Small Donation, Big Bang
Exxon Mobil Takes Heat for $500 Donation to Lampson
After reporting an eye-popping quarterly profit of nearly $10 billion last week, Exxon Mobil is catching flak from Congressional Republicans for a political contribution that, by comparison, amounts to chump change.
The oil giant recently reported that its political action committee had contributed $500 to the campaign of Nick Lampson, the former Democratic lawmaker who is challenging Rep. Tom DeLay (R-Texas) for his 22nd district seat.
The House Republican leadership noticed the donation — and it is furious about it.
“It clearly forms an overall opinion in Congressional leadership that this company is going to have big problems if this is the way they’re trying to play the game,” said a senior House GOP leadership aide. “They have priorities they want that could be impacted.”
Republicans are angry despite a $5,000 contribution the company made to DeLay’s campaign. Indeed, so far this cycle, the company has steered $180,000, or 91 percent of its political contributions, to Republicans.
The dustup comes at a politically dangerous moment for Exxon. The company’s staggering profit report, during a time when average Americans have been struggling with record-high energy prices, is attracting scrutiny not just from Democrats but from Congressional Republicans, who have typically been allies of the industry.
Speaker Dennis Hastert (R-Ill.) last week warned oil companies that price gouging is “unacceptable” and said firms found to be engaging in it will be prosecuted. He encouraged the industry to explain to the American people what steps they are taking to bring prices down.
Meanwhile, Senate Majority Leader Bill Frist (R-Tenn.) has called for hearings into why prices remain so high. He indicated energy executives may be called to testify. And Democrats in both chambers are renewing calls for a windfall profit tax on oil companies.
“They’re on the wrong side of the American people due to high gas prices,” the GOP aide said. “And they’re quickly getting on the wrong side of the majority party.”
An Exxon spokesman said the $500 contribution — roughly 1/20,000,000 of the single-quarter profit the company reported last week — was made by the PAC because it received a donation from an employee who earmarked it for Lampson’s campaign.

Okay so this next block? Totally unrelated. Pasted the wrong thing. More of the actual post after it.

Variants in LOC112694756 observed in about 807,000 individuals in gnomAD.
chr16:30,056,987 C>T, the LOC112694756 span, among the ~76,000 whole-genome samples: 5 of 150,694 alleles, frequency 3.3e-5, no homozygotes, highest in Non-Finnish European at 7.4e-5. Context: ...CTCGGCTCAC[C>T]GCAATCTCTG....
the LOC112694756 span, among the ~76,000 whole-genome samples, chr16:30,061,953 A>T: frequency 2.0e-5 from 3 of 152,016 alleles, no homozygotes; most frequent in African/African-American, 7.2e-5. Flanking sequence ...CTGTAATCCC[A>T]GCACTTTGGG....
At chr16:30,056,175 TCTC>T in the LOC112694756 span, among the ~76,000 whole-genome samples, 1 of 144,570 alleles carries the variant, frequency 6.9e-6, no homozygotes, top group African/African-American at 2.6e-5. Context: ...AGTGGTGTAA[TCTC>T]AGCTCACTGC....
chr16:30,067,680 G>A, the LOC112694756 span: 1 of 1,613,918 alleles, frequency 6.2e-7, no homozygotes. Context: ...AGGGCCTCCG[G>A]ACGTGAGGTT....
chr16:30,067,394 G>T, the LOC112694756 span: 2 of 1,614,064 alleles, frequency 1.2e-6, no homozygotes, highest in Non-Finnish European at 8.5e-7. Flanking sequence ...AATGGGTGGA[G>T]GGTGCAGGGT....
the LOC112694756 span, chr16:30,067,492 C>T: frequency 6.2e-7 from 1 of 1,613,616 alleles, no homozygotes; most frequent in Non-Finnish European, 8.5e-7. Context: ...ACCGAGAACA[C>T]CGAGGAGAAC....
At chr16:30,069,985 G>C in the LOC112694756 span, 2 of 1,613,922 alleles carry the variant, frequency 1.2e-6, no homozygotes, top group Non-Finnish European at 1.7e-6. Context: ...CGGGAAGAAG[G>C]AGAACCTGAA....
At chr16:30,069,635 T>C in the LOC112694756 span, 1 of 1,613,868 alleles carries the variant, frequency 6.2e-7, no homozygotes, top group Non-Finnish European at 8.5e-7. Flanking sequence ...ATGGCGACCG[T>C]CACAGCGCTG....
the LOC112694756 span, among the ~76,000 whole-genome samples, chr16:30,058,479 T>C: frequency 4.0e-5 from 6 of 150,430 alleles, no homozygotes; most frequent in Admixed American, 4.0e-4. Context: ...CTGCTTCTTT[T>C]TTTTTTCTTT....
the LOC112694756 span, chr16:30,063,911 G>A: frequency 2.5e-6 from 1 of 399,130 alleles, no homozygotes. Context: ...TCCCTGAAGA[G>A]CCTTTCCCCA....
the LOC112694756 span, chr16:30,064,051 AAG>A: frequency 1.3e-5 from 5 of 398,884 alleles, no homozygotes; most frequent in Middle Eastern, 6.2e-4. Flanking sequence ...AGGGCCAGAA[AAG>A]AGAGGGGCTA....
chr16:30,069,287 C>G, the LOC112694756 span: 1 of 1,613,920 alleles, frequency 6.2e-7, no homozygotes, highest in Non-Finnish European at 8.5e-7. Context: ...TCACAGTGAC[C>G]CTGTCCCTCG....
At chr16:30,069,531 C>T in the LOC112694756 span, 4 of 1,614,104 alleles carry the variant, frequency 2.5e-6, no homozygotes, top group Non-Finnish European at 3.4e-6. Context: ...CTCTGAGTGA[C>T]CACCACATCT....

“An individual participant in our political action committee made an earmarked contribution to the PAC,” Dave Gardner said.
He called the reaction from House Republican leadership “unfortunate,” and said the company has tried to explain itself.
A GOP aide acknowledged that the context might ultimately make a difference.
“If it’s a person who lives in Texas and works on an oil rig, that’s a different story,” the aide said. But despite the company’s assertions, “we don’t know where it came from, and our assumption is it’s coming from on high.”
And the damage may already have been done.
“What a bunch of political novices,” said one energy lobbyist. “Everyone on the Hill knows they’ve made this contribution. Everyone has taken note.”
The lobbyist added that Republican wrath over the donation extended beyond the ranks of leadership and into the House Energy and Resources committees.
Spokesmen for the committees did not return calls for comment.
Exxon, the lobbyist added, has “a huge public relations problem coming, and they are running out of friends.”
DeLay had to step aside as House Majority Leader earlier this month after being indicted for money laundering and conspiracy. The laser-like focus on a relatively small donation suggests the continuing importance of DeLay within the House Republican leadership, despite his indictment.
Ed Patru, spokesman for the National Republican Congressional Committee, wondered “why someone at Exxon would want to position the corporation on the wrong side of Tom DeLay and the Republican Party.”
“You’d have to ask them,” he said.
Lampson has raised $841,000 so far this year, much of it from individuals. Indeed, Exxon’s contribution is one of only a few he has received from corporate PACs. DeLay, meanwhile, leads House candidates in the hunt for campaign dollars, pulling in $920,000 for the first nine months of the year.
Mike Malaise, Lampson’s campaign manager, said his candidate is not counting on corporate money to fund his bid. Yet he said as “things get worse, not better for Tom DeLay,” donors of all stripes will be attracted to the man challenging the indicted former Majority Leader.
“Its going to be more and more clear to a lot of folks there’s a good chance DeLay’s not going to be in Congress next time around,” Malaise said. “That’s something they’re going to have to factor into their decisions on who to support.”
DeLay’s campaign dismissed any notion that the donation showed weakness in the former Majority Leader’s re-election prospects.
“That donation isn’t even a blip on the radar screen, especially when you see that MoveOn.org, the trial lawyers and the labor unions have already bought him off,” DeLay spokeswoman Shannon Flaherty said.
Malaise, for his part, dismissed Republican threats to Exxon as akin to “kids trying to ground their parents.”
If in fact the oil company made the contribution to honor an employee’s wishes, it could make a good argument for Exxon Mobil, or other companies, ending the practice of allowing employees to designate their political donations, said one campaign finance expert.
“Earmarking, while permissible, is something that I generally stay away from, so that the PAC administrators maintain full control over who gets the contributions and the corporate interests are not diluted,” said Ken Gross, a lawyer at Skadden, Arps, Slate, Meagher & Flom.